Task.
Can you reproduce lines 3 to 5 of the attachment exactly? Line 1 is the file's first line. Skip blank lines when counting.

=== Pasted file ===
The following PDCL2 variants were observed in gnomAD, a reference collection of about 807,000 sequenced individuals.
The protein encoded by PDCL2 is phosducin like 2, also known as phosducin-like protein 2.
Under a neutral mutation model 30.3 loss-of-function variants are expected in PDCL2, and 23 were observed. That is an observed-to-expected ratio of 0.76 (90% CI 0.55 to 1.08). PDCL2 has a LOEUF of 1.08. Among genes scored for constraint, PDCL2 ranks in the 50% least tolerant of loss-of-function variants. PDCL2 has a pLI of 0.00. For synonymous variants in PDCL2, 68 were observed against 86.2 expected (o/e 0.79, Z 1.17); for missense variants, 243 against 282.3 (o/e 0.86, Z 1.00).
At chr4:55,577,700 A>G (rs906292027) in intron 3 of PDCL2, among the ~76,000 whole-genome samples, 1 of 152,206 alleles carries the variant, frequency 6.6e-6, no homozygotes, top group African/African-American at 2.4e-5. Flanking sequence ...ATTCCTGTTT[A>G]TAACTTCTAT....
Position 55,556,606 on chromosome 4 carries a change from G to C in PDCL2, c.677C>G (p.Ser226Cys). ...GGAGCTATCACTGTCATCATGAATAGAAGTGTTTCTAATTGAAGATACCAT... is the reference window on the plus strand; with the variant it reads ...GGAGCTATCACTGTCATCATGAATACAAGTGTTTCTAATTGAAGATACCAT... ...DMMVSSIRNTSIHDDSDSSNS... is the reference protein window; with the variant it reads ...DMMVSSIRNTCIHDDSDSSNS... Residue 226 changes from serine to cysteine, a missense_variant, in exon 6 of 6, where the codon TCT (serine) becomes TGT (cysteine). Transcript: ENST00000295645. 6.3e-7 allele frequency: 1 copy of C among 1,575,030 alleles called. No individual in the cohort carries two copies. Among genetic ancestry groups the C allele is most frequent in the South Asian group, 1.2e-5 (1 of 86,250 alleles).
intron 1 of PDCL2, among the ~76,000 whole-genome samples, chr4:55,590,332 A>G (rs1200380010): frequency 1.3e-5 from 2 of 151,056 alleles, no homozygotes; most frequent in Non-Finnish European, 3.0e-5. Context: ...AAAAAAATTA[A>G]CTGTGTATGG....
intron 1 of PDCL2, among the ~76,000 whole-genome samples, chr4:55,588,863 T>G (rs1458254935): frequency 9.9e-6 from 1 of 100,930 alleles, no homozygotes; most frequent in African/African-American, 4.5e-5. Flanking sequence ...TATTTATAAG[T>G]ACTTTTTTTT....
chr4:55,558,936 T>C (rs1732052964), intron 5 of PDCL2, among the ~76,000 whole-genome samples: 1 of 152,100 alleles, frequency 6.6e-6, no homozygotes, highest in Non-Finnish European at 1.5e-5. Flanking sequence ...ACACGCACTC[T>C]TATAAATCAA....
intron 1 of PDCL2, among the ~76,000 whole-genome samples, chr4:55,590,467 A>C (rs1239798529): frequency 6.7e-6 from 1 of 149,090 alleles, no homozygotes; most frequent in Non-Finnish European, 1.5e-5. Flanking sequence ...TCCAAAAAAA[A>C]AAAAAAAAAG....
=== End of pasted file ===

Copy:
Under a neutral mutation model 30.3 loss-of-function variants are expected in PDCL2, and 23 were observed. That is an observed-to-expected ratio of 0.76 (90% CI 0.55 to 1.08). PDCL2 has a LOEUF of 1.08. Among genes scored for constraint, PDCL2 ranks in the 50% least tolerant of loss-of-function variants. PDCL2 has a pLI of 0.00. For synonymous variants in PDCL2, 68 were observed against 86.2 expected (o/e 0.79, Z 1.17); for missense variants, 243 against 282.3 (o/e 0.86, Z 1.00).
At chr4:55,577,700 A>G (rs906292027) in intron 3 of PDCL2, among the ~76,000 whole-genome samples, 1 of 152,206 alleles carries the variant, frequency 6.6e-6, no homozygotes, top group African/African-American at 2.4e-5. Flanking sequence ...ATTCCTGTTT[A>G]TAACTTCTAT....
Position 55,556,606 on chromosome 4 carries a change from G to C in PDCL2, c.677C>G (p.Ser226Cys). ...GGAGCTATCACTGTCATCATGAATAGAAGTGTTTCTAATTGAAGATACCAT... is the reference window on the plus strand; with the variant it reads ...GGAGCTATCACTGTCATCATGAATACAAGTGTTTCTAATTGAAGATACCAT... ...DMMVSSIRNTSIHDDSDSSNS... is the reference protein window; with the variant it reads ...DMMVSSIRNTCIHDDSDSSNS... Residue 226 changes from serine to cysteine, a missense_variant, in exon 6 of 6, where the codon TCT (serine) becomes TGT (cysteine). Transcript: ENST00000295645. 6.3e-7 allele frequency: 1 copy of C among 1,575,030 alleles called. No individual in the cohort carries two copies. Among genetic ancestry groups the C allele is most frequent in the South Asian group, 1.2e-5 (1 of 86,250 alleles).